What are the two big differences between ‘hybrid’ and ‘remote’ working?

Much of the narrative around digital working seems to have taken a shift away from ‘Remote’ towards the term ‘Hybrid’.  Many clients we are speaking with are expecting, even planning, to continue their post covid experiment by having some kind of mixed working arrangement in the future.  The buzz has definitely shifted from talking about remote to the idea of Hybrid working.  Lots of people are using this language, but there is often a good bit of confusion about the practical operational and management differences.  

So here are the two big differences between fully remote working and a mixed hybrid arrangement.  

  1. Ensuring parity of communication

Hybrid working is more akin to remote working BC (before covid).  Think back; it used to be the case that many remote workers were part of teams that also had a workplace presence.  In essence this was a hybrid model.  There might be more subtle differences depending on the new model that is being adopted, but the lessons of BC remote working still apply.  Namely, that it is very easy to create a two tiered communication experience where those in the workplace get a different quality of connection to the manager (and org) compared to the dispersed team members.  A practical example of this would be ‘a meeting called in the office involving a number of the located team, plus a series of online team members connecting via the tool of choice’.  The reality is that these two interfaces are considerably different, and the mix of face to face plus online doesn’t work nearly as well as when compared to everyone at their own laptops online.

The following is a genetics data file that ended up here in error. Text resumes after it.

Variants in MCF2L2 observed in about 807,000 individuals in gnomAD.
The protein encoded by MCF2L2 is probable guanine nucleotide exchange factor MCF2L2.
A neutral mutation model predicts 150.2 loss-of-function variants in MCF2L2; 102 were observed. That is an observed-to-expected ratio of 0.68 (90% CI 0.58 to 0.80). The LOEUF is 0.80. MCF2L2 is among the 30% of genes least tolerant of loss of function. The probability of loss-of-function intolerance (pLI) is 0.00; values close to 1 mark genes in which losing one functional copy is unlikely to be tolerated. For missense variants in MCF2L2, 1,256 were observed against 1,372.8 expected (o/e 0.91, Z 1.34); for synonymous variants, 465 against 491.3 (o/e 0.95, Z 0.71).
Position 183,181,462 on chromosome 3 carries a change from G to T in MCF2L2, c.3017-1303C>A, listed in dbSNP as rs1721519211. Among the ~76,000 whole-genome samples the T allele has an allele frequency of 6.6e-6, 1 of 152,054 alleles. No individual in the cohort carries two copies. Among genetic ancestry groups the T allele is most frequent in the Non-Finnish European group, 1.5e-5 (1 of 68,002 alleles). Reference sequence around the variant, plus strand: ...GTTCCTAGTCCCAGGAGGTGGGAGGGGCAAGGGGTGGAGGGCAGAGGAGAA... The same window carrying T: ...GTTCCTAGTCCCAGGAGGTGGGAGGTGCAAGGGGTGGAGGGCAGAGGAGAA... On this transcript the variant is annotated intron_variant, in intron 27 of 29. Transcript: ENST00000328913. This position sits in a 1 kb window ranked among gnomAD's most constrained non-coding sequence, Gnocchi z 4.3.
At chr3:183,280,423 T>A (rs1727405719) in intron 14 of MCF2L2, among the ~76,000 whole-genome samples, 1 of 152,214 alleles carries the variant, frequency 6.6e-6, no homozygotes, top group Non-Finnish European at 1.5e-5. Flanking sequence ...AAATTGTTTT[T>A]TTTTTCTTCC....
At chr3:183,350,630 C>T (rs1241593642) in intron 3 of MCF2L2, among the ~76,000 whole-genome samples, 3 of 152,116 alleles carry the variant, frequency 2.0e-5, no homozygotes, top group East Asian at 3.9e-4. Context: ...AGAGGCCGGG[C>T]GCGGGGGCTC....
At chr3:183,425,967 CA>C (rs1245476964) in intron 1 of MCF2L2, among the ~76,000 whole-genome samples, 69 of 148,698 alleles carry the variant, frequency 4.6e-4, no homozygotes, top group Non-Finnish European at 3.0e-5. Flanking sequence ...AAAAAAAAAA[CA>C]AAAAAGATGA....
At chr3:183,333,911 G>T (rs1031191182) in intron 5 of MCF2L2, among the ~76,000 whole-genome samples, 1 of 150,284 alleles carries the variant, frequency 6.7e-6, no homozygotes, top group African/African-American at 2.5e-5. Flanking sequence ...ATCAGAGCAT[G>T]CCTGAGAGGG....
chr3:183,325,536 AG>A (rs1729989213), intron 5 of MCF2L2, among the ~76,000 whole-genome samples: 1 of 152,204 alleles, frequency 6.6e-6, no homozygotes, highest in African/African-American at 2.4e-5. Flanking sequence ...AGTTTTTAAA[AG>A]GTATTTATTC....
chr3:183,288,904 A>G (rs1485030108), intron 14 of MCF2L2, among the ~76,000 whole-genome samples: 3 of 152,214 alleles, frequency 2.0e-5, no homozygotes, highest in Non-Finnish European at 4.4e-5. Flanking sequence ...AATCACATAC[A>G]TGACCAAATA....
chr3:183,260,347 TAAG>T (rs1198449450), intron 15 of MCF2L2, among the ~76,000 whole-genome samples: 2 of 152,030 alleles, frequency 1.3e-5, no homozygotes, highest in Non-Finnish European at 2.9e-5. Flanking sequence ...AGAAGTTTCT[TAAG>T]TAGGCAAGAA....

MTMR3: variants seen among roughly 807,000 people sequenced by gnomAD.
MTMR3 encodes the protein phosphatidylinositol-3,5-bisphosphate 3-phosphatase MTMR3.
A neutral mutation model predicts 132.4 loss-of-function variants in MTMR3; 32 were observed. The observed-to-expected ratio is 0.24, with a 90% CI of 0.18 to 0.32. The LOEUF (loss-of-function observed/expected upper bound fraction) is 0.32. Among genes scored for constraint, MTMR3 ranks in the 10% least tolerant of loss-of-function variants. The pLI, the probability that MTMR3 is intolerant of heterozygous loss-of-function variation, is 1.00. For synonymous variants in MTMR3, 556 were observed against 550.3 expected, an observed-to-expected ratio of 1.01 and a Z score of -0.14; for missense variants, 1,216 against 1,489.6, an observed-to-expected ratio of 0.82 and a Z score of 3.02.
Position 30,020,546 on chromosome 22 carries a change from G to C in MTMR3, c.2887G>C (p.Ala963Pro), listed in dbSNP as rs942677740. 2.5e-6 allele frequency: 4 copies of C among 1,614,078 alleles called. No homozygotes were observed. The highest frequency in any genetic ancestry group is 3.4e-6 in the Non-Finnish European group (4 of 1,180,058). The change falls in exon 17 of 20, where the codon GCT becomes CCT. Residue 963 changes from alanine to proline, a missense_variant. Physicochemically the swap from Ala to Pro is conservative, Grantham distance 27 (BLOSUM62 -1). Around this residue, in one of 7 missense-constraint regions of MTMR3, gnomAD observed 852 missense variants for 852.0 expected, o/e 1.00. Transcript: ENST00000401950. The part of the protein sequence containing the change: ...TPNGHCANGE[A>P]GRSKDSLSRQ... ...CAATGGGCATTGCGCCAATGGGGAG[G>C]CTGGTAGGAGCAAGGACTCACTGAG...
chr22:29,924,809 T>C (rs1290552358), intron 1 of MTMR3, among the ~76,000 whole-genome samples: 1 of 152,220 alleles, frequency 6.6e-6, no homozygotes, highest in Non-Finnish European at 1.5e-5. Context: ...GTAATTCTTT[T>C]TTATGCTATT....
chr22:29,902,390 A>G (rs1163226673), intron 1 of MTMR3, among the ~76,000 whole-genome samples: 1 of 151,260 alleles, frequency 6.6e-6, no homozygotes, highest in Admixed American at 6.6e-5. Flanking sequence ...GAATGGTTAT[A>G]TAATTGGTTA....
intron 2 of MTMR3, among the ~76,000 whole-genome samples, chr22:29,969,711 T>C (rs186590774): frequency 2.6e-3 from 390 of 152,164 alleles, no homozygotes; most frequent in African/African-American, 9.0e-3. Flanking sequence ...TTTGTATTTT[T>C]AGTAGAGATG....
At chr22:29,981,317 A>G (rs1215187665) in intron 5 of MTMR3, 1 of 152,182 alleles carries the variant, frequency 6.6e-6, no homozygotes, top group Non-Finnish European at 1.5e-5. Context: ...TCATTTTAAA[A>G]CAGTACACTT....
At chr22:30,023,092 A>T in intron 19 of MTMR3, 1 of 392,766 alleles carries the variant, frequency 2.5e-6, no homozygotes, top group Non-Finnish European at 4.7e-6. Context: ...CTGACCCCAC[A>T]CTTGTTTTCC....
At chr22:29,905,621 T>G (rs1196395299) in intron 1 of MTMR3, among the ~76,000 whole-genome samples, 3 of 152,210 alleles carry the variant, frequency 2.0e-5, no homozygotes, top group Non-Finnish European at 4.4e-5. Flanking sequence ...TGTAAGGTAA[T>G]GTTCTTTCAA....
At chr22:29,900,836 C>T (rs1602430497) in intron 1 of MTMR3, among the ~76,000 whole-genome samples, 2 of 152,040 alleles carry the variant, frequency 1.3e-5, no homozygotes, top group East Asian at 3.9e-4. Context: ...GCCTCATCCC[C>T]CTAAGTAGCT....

Managers and teams need to work out these operational differences and decide how they are going to compensate for them.  

2.  Ensuring parity of experience

The second big difference has more to do with managing the inherent culture of a team.  When we co locate we are much more readily able to define our culture.  That’s because culture arises from a number of elements brought about by working in a specific environment together.  Johnson and Scholes cultural web tool suggest that culture is the accumulation of; team folklore or stories, power structures, symbols, organisational structures, control systems, alongside the daily routines and rituals.  

Many of these elements are much more difficult to develop when the team members are in a constant state of changing interconnections and geographic location.  Managers and teams will need to work much harder at facilitating their culture and in particular creating a consistent cultural experience across the whole population.  

In my opinion the move to hybrid working is one of the great plus sides of the pandemic era.  It will take a while for everyone to get used to it and factor in the necessary changes of approach needed.  However there is no reason not to believe that coupled with new future technical innovation, having a mixed spread of office and field working will become the happy norm. 

Bob Bannister

Ships Captain